Neil Turner's Blog

Blogging about technology and randomness since 2002

Digitally-switched over

Disused Dock

The Digital Switchover finally reached our area this week, which means that analogue terrestrial television broadcasts are no longer available in most of Yorkshire. It’s a culmination of a process that has taken well over a decade to get this far, and some areas are still to switch – Tyne & Wear being the last in September next year. On the whole, it’s been managed well – all new televisions on sale are capable of receiving digital TV broadcasts without an extra set-top box, and even if a set-top box is required, they’re cheap and don’t necessarily require a subscription. Plus, digital TV offers clear advantages over analogue – namely more channels, but also better picture quality.

Because we don’t watch live TV much – we tend to watch stuff on iPlayer when it’s convenient, rather than plan our evenings around the TV schedule – we haven’t bothered with premium services like Sky, BT Vision or Top Up TV (Virgin Media isn’t in our area). Our little town of Sowerby Bridge is located in a valley, which makes for nice views but isn’t so good when it comes to radio transmissions, so rather than receiving our broadcasts directly from Emley Moor, we get them via a repeater transmitter at Luddendenfoot (I challenge you to say that whilst drunk). That repeater was analogue-only until the switchover, so whilst most of the country has had both analogue and digital broadcasts available side-by-side, we’ve just had the former, and now have the latter. Alas, as it’s a repeater transmitter, we don’t get the full range of terrestrial channels – essentially just the channels offered by BBC, ITV, Channel 4 and Channel 5 and their variants, even though the switchover is complete. Consequently, we couldn’t watch ourselves on Dave last night.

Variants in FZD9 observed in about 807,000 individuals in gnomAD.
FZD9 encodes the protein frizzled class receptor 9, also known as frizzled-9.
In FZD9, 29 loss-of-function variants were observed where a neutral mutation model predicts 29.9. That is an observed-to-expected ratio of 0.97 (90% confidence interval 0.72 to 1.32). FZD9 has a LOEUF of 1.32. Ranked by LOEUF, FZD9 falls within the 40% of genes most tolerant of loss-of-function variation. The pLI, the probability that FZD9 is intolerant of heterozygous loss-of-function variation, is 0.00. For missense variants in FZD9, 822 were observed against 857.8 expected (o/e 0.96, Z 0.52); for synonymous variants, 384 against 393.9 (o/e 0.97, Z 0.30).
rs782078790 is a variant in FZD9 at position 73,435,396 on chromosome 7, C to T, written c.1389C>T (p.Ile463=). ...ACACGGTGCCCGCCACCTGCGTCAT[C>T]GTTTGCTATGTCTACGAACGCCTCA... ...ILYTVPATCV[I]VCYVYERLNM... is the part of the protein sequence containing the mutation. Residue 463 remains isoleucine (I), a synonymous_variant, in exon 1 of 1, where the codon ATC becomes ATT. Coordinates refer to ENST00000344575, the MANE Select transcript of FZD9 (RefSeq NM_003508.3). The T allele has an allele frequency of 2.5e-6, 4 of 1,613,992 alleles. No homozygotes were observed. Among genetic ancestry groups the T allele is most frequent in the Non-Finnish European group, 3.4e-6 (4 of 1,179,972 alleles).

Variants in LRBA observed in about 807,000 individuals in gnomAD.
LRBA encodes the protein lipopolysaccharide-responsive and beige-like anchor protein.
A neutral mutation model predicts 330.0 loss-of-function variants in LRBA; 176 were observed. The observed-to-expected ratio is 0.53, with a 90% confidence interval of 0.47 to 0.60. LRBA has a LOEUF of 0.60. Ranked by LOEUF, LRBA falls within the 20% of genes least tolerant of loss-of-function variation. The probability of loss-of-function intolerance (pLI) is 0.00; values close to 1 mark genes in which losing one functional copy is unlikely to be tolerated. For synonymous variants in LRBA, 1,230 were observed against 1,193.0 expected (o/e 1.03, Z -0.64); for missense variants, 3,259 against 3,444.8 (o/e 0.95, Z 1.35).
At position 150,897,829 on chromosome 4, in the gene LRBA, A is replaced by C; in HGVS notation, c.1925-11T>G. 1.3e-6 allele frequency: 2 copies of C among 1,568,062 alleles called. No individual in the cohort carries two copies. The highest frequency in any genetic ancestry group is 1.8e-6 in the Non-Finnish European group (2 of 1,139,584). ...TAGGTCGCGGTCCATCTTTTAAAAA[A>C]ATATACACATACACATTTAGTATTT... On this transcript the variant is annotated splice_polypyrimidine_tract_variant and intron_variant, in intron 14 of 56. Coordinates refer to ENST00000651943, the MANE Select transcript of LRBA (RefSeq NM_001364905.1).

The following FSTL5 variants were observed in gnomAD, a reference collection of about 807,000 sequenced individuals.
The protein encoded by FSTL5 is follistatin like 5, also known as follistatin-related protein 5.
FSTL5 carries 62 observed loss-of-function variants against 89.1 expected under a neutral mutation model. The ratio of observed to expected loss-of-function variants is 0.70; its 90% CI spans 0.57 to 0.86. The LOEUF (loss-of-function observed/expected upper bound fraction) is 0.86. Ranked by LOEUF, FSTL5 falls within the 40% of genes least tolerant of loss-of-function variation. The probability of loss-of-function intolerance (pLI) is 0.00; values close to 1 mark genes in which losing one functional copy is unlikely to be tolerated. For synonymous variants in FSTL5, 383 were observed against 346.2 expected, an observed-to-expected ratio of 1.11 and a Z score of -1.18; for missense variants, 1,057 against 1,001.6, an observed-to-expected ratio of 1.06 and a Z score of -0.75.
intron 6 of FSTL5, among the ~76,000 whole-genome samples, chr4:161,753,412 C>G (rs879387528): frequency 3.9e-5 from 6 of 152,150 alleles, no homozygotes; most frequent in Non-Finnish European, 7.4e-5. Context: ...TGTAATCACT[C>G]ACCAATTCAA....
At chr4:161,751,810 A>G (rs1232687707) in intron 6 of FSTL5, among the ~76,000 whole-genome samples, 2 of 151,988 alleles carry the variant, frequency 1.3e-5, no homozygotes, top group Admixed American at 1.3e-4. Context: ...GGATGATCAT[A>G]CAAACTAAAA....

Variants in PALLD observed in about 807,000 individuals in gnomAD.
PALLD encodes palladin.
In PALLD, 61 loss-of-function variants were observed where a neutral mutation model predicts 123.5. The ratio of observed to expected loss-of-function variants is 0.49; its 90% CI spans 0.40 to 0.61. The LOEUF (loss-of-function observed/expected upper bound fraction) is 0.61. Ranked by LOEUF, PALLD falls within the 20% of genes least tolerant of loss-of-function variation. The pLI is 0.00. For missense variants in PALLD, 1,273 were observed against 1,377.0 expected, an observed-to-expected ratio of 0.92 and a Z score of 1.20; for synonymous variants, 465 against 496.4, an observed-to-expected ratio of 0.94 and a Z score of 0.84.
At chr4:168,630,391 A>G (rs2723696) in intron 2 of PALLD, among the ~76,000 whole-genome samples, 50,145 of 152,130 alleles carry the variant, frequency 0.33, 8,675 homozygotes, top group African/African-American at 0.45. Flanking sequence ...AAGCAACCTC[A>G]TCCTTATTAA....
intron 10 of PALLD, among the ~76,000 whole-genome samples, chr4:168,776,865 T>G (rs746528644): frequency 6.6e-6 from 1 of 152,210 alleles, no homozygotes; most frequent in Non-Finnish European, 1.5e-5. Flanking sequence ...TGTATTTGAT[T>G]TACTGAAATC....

Because of the unavailability of digital terrestrial, and the fact that our flat has a shared satellite dish, we got a Freesat box at Christmas, and that has been our main way of watching TV in the mean time. Freesat’s advantages over Freeview, the terrestrial service, is that there are more channels on there, including 5 high-definition channels (BBC HD, BBC One HD, ITV1 HD, Channel 4 HD and NHK World HD). Unfortunately, we still don’t get some of the channels which are on Freeview, despite them both being subscription-free – and again, Dave is one of those channels. Still, the box only cost £60 and it’s subscription-free.

With already having Freesat, and not being able to get all of the Freeview channels, the switchover of the terrestrial broadcasts to digital hasn’t really made a big difference to us, on the whole. Perhaps it’ll be useful if we ever get a second television set for another room, as there’s only one satellite connection.

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